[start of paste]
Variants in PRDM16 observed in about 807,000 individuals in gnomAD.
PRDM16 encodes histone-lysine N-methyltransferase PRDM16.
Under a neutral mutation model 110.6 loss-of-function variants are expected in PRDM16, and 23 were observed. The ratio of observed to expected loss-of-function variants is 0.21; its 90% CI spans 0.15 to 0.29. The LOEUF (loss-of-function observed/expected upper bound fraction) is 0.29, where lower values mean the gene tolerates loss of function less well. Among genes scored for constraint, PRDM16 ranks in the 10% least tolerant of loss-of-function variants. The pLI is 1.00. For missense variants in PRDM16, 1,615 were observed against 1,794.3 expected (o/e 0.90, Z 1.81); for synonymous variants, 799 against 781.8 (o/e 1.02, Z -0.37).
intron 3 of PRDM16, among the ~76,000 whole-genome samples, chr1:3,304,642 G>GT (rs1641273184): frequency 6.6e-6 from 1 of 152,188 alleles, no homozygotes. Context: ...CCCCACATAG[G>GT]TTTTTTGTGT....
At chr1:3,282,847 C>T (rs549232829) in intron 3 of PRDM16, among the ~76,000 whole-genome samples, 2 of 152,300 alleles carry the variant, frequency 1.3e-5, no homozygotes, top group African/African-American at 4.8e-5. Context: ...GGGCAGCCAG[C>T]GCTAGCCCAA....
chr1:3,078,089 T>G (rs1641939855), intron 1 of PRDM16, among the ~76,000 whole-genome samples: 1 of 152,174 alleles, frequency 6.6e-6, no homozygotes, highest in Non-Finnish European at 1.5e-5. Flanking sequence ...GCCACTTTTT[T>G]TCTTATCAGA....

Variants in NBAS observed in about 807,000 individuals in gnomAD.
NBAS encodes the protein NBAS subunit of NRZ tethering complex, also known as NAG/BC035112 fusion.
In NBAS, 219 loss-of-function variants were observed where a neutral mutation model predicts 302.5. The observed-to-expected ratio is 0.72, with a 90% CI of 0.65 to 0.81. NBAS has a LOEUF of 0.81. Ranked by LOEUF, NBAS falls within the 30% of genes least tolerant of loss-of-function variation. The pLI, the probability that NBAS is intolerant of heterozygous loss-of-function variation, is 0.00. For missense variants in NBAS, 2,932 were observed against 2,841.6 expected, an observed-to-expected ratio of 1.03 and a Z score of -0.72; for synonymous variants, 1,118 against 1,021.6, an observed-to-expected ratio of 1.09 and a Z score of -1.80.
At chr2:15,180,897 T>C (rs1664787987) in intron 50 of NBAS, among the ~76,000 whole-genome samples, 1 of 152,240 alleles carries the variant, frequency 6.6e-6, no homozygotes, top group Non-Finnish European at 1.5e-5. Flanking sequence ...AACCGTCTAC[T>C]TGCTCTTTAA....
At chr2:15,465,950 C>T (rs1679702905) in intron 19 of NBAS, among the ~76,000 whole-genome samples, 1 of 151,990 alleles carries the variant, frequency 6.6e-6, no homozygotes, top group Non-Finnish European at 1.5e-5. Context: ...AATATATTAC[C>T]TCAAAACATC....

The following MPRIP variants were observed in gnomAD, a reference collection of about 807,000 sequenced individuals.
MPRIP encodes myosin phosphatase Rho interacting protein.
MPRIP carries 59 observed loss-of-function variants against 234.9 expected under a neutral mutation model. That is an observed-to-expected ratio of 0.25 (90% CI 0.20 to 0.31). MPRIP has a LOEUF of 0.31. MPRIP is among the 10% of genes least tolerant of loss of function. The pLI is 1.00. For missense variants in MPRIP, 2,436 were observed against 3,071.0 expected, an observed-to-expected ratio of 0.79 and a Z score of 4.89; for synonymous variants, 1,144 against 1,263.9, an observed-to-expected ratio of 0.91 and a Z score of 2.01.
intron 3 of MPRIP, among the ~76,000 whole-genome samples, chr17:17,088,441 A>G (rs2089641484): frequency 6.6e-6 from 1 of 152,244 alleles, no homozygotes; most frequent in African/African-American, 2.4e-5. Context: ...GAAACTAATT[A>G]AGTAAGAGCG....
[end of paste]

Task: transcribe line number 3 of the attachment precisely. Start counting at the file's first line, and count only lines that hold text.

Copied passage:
Under a neutral mutation model 110.6 loss-of-function variants are expected in PRDM16, and 23 were observed. The ratio of observed to expected loss-of-function variants is 0.21; its 90% CI spans 0.15 to 0.29. The LOEUF (loss-of-function observed/expected upper bound fraction) is 0.29, where lower values mean the gene tolerates loss of function less well. Among genes scored for constraint, PRDM16 ranks in the 10% least tolerant of loss-of-function variants. The pLI is 1.00. For missense variants in PRDM16, 1,615 were observed against 1,794.3 expected (o/e 0.90, Z 1.81); for synonymous variants, 799 against 781.8 (o/e 1.02, Z -0.37).